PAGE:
Posts Tagged ‘Jessica Hamzelou’

We’ve Finally Seen How the Sleeping Brain Stores Memories

December 29, 2017

The title of this post is identical to the title of a post by Jessica Hamzelou in the 7 October 2017 issue of the New Scientist. To do this research needed to find volunteers who were able to sleep in an fMRI scanner. They needed to scan 50 people to find the 13 who were able to do so. These volunteers were taught to press a set of keys in a specific sequence. It took each person between 10 to 20 minutes to master this sequence.

Once they learned this sequence they each put on a cap of EEG electrodes to monitor the electrical activity of their brains, and entered an fMRI scanner, which detects which regions of the brain are active.

There was a specific pattern of brain activity when the volunteers performed the key-pressing task. Once they stopped, this pattern kept replaying in their brains as if each person was subconsciously reviewing what they had learned.

The volunteers were then asked to go to sleep, and they were monitored for two and a half hours. At first, the pattern of brain activity continued to replay in the outer region of the brain called the cortex, which is involved in higher thought.

When the volunteers entered non-REM sleep, which is known as the stage when we have relatively mundane dreams, the pattern started to fade in the cortex, but a similar pattern of activity started in the putamen, a region deep within the brain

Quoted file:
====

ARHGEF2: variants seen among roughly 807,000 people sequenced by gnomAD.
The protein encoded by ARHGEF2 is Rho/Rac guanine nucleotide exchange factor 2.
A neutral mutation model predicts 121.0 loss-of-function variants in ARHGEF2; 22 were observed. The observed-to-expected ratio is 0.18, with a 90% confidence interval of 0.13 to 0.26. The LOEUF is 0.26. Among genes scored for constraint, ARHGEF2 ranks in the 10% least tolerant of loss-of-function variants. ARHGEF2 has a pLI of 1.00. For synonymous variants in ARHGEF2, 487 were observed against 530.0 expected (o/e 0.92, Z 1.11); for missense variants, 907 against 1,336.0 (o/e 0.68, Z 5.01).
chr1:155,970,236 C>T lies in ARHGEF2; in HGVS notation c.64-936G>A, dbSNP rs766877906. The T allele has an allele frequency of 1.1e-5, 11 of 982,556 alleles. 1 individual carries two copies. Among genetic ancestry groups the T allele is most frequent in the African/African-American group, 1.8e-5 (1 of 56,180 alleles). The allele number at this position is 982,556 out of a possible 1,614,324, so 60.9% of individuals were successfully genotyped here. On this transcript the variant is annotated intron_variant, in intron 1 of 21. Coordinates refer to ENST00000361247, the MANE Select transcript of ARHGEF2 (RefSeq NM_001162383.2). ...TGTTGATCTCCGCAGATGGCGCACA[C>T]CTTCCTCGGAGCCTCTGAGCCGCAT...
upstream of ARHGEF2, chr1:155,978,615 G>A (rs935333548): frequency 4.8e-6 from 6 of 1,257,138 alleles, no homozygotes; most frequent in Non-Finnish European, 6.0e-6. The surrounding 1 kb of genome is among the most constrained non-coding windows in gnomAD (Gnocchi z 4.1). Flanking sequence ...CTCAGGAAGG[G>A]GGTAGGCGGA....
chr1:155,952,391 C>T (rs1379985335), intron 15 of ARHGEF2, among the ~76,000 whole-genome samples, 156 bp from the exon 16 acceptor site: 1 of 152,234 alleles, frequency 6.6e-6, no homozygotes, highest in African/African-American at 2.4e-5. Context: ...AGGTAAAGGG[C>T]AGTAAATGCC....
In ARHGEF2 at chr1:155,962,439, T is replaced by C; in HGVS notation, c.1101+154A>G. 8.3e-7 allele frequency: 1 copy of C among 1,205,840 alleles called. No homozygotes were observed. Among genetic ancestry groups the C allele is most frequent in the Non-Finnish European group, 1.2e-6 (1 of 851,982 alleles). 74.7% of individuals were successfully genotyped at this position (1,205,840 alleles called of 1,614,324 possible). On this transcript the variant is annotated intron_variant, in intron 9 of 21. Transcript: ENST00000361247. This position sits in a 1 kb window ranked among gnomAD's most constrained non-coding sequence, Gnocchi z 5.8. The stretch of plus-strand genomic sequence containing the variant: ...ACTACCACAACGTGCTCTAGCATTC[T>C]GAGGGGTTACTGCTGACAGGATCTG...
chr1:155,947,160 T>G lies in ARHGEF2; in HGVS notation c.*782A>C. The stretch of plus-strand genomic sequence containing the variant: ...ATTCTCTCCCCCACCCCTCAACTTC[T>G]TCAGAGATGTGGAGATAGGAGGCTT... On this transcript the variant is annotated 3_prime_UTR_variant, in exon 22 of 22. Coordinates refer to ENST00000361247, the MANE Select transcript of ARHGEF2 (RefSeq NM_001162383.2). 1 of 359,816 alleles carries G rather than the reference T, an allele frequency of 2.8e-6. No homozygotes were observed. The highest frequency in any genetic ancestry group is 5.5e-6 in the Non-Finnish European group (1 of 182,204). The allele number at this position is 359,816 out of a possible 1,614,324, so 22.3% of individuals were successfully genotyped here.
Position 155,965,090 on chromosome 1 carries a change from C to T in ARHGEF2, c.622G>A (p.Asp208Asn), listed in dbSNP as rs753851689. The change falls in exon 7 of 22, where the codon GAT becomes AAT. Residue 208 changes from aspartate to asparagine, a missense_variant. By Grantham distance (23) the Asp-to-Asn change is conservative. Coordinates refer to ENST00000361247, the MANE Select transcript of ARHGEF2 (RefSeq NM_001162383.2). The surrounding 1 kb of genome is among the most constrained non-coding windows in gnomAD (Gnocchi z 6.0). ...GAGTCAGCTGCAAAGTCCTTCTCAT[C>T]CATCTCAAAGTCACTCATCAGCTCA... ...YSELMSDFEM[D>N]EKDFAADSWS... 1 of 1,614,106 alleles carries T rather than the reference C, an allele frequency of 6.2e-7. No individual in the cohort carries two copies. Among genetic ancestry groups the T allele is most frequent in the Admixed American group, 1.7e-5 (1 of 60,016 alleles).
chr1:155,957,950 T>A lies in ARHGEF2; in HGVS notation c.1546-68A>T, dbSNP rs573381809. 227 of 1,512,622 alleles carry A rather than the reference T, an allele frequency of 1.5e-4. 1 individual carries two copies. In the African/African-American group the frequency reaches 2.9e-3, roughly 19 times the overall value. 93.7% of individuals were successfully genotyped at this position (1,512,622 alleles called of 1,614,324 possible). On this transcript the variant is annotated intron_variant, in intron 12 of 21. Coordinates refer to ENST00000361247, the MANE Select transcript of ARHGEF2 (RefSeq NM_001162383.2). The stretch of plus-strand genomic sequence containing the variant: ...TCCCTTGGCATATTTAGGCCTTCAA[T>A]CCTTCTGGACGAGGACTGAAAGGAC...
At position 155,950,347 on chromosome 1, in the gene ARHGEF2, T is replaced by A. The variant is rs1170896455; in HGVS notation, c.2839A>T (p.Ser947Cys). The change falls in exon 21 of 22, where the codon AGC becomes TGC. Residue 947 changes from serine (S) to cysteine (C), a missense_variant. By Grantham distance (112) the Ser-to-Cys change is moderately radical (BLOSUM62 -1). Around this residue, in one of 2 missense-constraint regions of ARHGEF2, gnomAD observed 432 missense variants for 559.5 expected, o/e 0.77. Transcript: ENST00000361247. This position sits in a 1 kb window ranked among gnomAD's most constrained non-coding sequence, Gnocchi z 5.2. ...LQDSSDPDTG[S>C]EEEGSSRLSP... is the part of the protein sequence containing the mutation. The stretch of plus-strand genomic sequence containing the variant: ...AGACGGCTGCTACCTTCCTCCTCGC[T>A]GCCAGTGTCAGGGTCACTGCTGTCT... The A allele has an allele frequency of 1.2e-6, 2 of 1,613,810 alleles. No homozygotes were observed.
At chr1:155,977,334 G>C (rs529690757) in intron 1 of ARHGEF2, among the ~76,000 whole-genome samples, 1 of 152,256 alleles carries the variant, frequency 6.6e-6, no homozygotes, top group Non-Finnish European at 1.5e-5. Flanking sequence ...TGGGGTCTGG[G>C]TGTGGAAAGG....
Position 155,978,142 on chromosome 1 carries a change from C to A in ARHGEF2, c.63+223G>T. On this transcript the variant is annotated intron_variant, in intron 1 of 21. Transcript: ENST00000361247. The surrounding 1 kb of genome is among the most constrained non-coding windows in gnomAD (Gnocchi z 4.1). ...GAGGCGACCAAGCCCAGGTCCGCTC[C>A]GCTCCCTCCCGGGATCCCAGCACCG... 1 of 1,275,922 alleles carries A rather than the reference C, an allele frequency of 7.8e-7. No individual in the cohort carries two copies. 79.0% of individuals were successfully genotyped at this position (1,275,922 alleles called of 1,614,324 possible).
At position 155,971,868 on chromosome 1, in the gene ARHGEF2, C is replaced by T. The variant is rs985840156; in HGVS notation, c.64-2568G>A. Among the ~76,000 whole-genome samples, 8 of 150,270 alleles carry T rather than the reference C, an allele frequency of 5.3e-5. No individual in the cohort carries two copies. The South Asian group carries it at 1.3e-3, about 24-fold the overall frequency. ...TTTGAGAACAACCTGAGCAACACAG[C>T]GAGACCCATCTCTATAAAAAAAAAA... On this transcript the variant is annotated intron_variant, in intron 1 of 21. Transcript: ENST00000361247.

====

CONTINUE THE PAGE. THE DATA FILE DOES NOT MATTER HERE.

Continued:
(eLife, doi.org/cdsz). Shabbat Vahdat, the team leader at Stanford University, said that the memory trace evolved during sleep.

The researchers think that movement-related memories are transferred to deeper brain regions for long-term storage. Christoph Nissen at University Psychiatric Services in Bern Switzerland says, “this chimes with the hypothesis that the brain;’s cortex must free up space so that it can continue to learn new information.

The title of this post is identical to the title of a post by Jessica Hamzelou in the 7 October 2017 issue of the New Scientist. To do this research needed to find volunteers who were able to sleep in an fMRI scanner. They needed to scan 50 people to find the 13 who were able to do so. These volunteers were taught to press a set of keys in a specific sequence. It took each person between 10 to 20 minutes to master this sequence.

Once they learned this sequence they each put on a cap of EEG electrodes to monitor the electrical activity of their brains, and entered an fMRI scanner, which detects which regions of the brain are active.

There was a specific pattern of brain activity when the volunteers performed the key-pressing task. Once they stopped, this pattern kept replaying in their brains as if each person was subconsciously reviewing what they had learned.

The volunteers were then asked to go to sleep, and they were monitored for two and a half hours. At first, the pattern of brain activity continued to replay in the outer region of the brain called the cortex, which is involved in higher thought.

When the volunteers entered non-REM sleep, which is known as the stage when we have relatively mundane dreams, the pattern started to fade in the cortex, but a similar pattern of activity started in the putamen, a region deep within the brain
(eLife, doi.org/cdsz). Shabbat Vahdat, the team leader at Stanford University, said that the memory trace evolved during sleep.

The researchers think that movement-related memories are transferred to deeper brain regions for long-term storage. Christoph Nissen at University Psychiatric Services in Bern Switzerland says, “this chimes with the hypothesis that the brain;’s cortex must free up space so that it can continue to learn new information.

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Brain Implant Boosts Human Memory by Mimicking How We Learn

November 18, 2017